Two leading farmers, who were part of Pres. Cyril Ramaphosa’s land reform advisory panel, have released a “supplementary report” after publicly distancing themselves from various recommendations in the panel’s much-anticipated original report.
Dan Kriek, AgriSA’s president, and Nick Serfontein, chairperson of the Sernick Group, says they do not agree with their fellow panellists’ recommendation that section 25 of the Constitution be amended to allow for land expropriation without compensation.
Kriek and Serfontein released their 226-page report shortly after Thoko Didiza, Minister of Agriculture, Land Reform and Rural Development, released the original report in the presence of the other panellists. In the original report, undersigned by, amongst others, Agbiz economist Wandile Sihlobo and prof. Ruth Hall from PLAAS, “several targeted land acquisition strategies” are recommended.
This includes specified conditions for “nil compensation”, including abandoned land, hopelessly indebted land, land held purely for speculative purposes, land held by state entities and not utilised, land obtained through criminal activity, land already occupied and used by labour tenants and former labour tenants, informal settlement areas, inner city buildings with absentee landlords, land donations and farm equity schemes.
Kriek and Serfontein argue, however, that section 25 must be seen as an attempt to mediate between stability and change, by protecting existing property rights, but also allowing for the infringement of these rights to enable significant reforms.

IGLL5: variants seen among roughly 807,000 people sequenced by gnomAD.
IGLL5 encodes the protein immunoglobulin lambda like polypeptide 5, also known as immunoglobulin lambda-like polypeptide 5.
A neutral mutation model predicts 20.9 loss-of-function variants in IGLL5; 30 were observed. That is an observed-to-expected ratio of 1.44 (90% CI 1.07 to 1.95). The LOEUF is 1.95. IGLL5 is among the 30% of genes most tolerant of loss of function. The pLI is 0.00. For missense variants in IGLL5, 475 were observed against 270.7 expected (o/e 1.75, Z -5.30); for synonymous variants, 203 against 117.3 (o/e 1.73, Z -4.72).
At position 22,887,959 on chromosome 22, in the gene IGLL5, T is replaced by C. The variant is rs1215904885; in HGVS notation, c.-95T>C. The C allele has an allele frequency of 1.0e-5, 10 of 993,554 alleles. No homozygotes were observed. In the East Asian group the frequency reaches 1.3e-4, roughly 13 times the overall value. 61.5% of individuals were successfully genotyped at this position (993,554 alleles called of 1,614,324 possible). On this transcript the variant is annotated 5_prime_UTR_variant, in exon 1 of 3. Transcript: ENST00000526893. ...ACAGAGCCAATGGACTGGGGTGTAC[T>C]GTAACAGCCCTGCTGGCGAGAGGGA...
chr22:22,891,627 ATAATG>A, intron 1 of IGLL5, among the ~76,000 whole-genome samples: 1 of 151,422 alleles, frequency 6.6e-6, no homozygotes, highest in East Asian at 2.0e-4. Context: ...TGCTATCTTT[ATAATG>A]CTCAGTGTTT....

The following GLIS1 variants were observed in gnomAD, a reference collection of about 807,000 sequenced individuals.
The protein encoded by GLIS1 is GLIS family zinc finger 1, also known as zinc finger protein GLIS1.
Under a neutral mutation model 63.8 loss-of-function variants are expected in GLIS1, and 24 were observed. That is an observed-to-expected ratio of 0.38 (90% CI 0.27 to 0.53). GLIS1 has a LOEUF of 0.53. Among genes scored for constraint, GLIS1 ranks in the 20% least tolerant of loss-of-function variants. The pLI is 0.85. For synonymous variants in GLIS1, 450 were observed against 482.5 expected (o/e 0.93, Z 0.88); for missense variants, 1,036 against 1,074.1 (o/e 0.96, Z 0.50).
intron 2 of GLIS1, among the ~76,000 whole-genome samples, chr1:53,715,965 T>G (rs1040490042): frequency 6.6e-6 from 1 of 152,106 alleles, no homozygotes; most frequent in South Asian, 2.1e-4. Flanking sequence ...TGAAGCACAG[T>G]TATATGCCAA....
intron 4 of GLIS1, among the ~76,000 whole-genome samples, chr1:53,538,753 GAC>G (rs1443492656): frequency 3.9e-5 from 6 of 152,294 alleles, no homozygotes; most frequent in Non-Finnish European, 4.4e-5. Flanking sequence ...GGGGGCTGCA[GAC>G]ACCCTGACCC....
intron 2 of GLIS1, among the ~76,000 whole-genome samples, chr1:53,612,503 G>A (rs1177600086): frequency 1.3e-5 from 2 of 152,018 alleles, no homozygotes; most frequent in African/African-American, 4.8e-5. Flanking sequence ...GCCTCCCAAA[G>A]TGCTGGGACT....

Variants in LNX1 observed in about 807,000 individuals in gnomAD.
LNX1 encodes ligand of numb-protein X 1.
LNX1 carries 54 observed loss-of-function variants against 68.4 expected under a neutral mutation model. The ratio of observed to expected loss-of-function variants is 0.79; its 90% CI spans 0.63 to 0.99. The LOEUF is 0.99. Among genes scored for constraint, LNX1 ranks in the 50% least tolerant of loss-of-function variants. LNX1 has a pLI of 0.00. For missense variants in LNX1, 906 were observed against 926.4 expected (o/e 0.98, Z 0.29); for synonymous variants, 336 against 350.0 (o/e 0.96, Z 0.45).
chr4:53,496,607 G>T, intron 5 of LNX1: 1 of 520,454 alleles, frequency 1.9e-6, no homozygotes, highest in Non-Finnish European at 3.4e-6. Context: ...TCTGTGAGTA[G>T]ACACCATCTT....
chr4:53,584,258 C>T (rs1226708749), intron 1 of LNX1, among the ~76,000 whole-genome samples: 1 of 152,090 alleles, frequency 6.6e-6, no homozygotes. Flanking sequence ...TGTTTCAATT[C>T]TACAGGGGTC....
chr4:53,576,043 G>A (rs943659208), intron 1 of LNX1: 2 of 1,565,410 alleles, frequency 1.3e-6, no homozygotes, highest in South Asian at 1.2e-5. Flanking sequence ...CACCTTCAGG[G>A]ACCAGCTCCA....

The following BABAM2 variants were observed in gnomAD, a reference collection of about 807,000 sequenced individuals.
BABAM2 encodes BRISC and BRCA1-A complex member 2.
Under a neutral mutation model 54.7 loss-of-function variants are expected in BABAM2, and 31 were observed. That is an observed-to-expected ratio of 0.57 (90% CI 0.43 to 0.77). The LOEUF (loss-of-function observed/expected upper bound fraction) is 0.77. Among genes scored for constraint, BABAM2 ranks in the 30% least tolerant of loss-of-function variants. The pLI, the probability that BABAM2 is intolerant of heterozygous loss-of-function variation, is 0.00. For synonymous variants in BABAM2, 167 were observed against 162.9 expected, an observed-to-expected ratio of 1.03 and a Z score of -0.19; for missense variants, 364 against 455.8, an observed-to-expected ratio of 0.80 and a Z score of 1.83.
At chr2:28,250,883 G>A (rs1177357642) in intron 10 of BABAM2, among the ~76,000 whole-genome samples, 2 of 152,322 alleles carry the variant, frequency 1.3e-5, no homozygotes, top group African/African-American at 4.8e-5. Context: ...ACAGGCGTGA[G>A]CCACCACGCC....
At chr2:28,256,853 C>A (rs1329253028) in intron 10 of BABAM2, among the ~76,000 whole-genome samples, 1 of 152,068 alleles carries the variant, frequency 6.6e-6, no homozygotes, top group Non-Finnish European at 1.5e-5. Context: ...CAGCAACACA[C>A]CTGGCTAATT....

“It is my strong argument that it is not the Constitution that stands in the way of implementing successful land reform. However, in the current political reality it might be politically important for parliament to ‘make explicit what is implicit’ in the Constitution.
According to Kriek and Serfontein the original report has many gaps, including:
- There was apparently not enough focus on the National Development Plan, the targets it had set, and the progress made in implementing the plan.
- No attention was given to the drastically declining number of commercial farmers in South Africa. This holds important implications for land reform and food security.
- There is not enough acknowledgement on past state failure, the extent thereof, the reasons for it and how to attempt to address this.
- A proper assessment on international best practice was not done.
- The economic impact that the debate on expropriation has already had on investment in the agricultural sector has not been considered.
- There is not enough focus in the panel report on best practice models and how these can be rolled out at scale.
Click here to read highlights from the original land reform report.